Authentically promote your brand by enlisting the help of Facebook Live. This feature provides users a unique, inside look into your business through the power of immediacy. Plus, anyone can do it — simply determine an interesting facet of your business, aim and shoot! Develop your talking points or a full script, whatever makes you more comfortable in front of the camera. The purpose is to increase engagement on your page while delivering content your audience will like. You can also continue the two-way conversation by responding to comments during the live event. And, if Facebook gives live videos a boost using its algorithm — meaning the platform puts your live videos in front of more people — you should take advantage.
Keep it consistent
A successful Facebook page relies on consistency in a variety of ways. Always make sure the tone and imagery of your Facebook remain true to your overall branding. However, you can let your brand’s guard down and use a more casual attitude across the platform, even if your brand typically employs a more formal approach. Remember, the goal remains engaging with your audience, so take note of how they speak and incorporate that into your posting strategy. Most importantly, make sure you post regularly. A Facebook page with stale and outdated content can cause distrust and force your audience to go elsewhere.
Rules of engagement
For those businesses unwilling or afraid to step onto the Facebook scene, rules of engagement provide clear parameters to help guide the conversation on your page. Set guidelines in your “About” section including the prohibition of profanity on your page, the ability to delete comments not related to the post and intolerance of personal attacks. You may need to decide whether or not addressing negative feedback or aggression on your page publically can provide a better customer experience overall. By responding to negative content publically, you can offer a professional and friendly solution that upholds your reputation among other audience members.
At the end of the day, engaging with your audience regularly and authentically through quality content, engaging conversations and meaningful interactions will put your business ahead of the rest.
Facebook’s latest algorithm update penalizes “engagement-bait” material — posts that overtly encourage comments, likes and shares — and prioritizes personal pages and posts over public and business pages’ content. This means Facebook ad space will diminish making inventory more valuable and potentially more expensive. Businesses that proactively engage audiences in organic ways, however, can improve the likelihood of appearing higher and more often across user feeds.
While this blog provided a few tips to jumpstart your focus in 2018, Facebook boasts many additional features to utilize and incorporate into your strategy. Let us know what Facebook features you’d like to hear about or questions you have in the comments section. Or, even better, tag us on Facebook at @abrightidea and let’s start a conversation.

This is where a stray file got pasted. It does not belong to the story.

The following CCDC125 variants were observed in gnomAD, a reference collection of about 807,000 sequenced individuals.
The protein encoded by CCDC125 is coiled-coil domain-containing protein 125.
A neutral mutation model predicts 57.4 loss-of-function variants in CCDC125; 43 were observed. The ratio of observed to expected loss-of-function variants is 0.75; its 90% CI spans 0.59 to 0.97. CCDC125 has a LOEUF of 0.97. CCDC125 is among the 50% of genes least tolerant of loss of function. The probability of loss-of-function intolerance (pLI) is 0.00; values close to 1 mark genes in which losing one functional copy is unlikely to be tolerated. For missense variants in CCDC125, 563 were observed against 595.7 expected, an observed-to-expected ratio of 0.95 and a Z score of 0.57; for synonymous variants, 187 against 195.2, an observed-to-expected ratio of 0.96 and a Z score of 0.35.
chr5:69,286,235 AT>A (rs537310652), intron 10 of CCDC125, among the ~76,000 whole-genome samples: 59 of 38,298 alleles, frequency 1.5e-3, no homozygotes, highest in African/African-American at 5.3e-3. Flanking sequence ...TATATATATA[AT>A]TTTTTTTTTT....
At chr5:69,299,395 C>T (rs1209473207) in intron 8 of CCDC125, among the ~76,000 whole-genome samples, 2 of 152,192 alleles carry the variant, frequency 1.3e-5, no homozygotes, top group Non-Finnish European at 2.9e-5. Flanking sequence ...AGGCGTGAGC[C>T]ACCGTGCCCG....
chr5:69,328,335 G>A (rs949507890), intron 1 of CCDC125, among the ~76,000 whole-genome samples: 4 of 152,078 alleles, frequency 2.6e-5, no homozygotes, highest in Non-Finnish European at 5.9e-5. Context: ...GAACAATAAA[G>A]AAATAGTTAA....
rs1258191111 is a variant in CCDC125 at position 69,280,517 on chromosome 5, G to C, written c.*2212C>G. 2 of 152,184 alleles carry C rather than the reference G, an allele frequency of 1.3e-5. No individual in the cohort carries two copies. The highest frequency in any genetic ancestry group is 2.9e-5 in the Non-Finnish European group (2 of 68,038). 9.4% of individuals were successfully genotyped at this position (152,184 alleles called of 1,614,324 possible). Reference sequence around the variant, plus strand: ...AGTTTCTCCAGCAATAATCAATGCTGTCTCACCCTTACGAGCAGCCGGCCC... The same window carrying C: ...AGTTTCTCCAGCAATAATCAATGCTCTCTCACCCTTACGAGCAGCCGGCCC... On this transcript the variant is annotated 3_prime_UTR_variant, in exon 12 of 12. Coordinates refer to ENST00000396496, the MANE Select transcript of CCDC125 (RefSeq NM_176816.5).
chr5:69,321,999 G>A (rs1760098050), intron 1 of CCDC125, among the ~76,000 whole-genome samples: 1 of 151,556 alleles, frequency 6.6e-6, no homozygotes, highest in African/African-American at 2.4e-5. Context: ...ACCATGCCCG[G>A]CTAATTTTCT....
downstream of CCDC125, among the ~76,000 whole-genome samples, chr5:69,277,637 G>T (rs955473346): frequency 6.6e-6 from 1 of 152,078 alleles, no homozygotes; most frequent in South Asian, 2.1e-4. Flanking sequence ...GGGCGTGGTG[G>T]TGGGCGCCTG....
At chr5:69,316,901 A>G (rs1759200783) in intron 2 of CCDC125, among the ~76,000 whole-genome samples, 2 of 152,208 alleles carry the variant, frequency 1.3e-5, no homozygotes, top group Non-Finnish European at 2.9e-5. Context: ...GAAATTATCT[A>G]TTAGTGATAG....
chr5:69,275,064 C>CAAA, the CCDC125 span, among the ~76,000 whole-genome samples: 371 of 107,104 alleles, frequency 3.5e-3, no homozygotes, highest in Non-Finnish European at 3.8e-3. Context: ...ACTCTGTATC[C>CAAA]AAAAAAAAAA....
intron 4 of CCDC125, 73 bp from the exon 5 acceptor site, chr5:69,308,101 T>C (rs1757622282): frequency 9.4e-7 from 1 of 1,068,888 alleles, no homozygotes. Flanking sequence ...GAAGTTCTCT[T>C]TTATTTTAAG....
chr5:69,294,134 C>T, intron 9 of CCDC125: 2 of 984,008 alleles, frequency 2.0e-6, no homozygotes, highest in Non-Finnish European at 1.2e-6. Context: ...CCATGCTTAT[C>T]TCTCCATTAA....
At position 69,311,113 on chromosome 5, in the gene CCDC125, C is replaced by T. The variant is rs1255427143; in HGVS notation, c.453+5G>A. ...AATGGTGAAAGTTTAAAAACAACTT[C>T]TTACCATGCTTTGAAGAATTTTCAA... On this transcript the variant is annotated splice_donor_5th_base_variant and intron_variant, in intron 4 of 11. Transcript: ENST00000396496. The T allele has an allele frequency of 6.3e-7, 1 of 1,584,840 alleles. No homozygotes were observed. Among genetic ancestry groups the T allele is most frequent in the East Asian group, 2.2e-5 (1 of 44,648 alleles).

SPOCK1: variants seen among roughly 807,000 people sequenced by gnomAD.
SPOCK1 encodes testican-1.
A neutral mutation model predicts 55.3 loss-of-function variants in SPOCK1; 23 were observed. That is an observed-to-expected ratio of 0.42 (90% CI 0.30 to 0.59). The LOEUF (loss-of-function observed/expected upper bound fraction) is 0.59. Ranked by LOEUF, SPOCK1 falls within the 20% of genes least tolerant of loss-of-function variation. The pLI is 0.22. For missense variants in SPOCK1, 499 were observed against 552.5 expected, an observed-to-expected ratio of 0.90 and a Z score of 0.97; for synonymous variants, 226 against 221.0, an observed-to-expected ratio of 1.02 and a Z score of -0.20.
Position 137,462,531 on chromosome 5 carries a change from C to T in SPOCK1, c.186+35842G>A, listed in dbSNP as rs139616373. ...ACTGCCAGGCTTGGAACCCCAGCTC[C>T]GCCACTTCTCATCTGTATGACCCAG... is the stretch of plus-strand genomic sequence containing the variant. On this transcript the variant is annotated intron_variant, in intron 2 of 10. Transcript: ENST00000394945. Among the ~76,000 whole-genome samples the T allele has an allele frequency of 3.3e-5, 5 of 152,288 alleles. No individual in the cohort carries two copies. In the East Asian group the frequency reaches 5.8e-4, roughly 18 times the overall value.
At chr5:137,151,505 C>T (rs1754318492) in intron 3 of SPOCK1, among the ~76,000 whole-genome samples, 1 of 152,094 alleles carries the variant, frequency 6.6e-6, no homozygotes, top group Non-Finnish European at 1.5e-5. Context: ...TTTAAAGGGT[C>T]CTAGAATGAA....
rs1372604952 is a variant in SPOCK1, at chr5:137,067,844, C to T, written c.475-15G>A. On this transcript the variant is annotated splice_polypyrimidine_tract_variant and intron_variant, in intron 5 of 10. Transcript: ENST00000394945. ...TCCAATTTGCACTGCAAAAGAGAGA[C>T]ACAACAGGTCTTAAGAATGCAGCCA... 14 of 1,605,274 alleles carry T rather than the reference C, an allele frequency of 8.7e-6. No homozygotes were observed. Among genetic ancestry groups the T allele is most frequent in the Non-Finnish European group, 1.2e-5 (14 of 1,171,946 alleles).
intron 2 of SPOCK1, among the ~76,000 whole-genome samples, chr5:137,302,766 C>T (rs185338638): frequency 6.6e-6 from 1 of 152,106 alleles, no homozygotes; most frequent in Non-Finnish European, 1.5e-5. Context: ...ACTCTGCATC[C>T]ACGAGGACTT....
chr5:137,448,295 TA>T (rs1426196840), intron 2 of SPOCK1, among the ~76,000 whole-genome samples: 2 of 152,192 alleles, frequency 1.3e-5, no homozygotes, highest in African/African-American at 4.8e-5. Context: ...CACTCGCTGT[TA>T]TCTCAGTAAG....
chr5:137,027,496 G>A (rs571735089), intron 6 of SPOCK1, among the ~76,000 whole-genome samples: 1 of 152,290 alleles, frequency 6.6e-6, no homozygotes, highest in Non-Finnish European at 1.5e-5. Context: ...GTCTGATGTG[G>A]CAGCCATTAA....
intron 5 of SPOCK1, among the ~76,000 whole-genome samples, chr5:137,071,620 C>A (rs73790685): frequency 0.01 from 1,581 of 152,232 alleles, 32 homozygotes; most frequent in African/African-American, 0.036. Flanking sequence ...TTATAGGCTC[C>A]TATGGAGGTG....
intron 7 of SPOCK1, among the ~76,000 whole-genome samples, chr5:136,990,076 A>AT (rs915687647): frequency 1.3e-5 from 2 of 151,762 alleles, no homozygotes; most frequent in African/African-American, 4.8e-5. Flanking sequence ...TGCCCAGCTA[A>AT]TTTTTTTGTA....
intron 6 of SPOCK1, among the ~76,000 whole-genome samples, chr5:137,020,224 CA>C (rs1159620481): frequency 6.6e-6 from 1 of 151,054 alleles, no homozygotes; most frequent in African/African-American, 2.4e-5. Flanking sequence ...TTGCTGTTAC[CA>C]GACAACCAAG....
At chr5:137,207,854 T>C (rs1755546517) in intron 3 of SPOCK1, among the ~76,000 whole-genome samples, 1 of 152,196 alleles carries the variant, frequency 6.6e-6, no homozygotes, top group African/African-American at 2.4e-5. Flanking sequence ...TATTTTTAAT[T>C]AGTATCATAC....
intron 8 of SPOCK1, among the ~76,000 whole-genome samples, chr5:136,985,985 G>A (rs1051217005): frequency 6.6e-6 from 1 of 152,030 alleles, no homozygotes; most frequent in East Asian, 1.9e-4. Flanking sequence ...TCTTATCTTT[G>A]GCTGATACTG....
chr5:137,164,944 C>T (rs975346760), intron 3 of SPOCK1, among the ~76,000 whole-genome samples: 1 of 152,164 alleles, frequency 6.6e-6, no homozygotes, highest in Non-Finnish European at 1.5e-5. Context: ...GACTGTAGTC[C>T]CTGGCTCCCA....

Advertisers have successfully employed the use of voiceovers to command audiences for decades but getting it right takes research, planning and creativity. In producing a commercial or video collateral for your business, give the voiceover some serious thought before moving forward with the creative execution of your marketing.
Voiceovers provide the perfect opportunity to share messaging while controlling tone and guiding the emotional reception of your campaign. In fact, actual science exists behind why you might want to take your voiceover in a certain direction. For example, Phil McAleer, a psychologist at the University of Glasgow, Scotland, uncovered that we begin forming our impression of a person’s personality from their very first spoken word and that we deem higher pitched voices more trustworthy. This research, along with similar findings, can shape the effectiveness of a voiceover and take your marketing from notable to unforgettable.
To help navigate the voiceover process, we’ve gathered a few tips to keep in mind as you craft the perfect campaign.
Consider your audience and test, test, test!
As with all marketing and advertising, put your audience first. Consider what type of voice would resonate most with your target market and compile a list of appropriate voice artists. Have your talent provide audition reels and test the different assets against one another in a controlled environment. Reflect on what has worked for your competitors and improve on that model. This could mean going in a completely different direction, but testing will ensure your audience relates to whichever voice you decide on.
Keep voice quality in mind and pick a clear emotional direction.
Once you’ve picked a voice artist that appeals to your audience, consider the cadence, tone and diction necessary to effectively share your message. A skilled voice artist exhibits control over his or her voice, altering the delivery of copy based on the emotion you want to elicit from your audience. Make sure you’ve chosen a voice artist who not only has a great, natural quality to his or her voice, but that he or she can also convey a message convincingly and authentically to your audience.
Be consistent and think long-term.
A successful advertising campaign relies, in part, on the frequency at which your message reaches your target audience. Establishing retention within a market depends on the repetition of messaging. This applies to voiceovers, too. When picking a voiceover artist, decide on someone who can deliver a variety of messages for the brand. Staying consistent with a voice artist throughout the life of a campaign builds trust and triggers auditory recognition that recalls unique brand characteristics without having to explicitly remind audiences.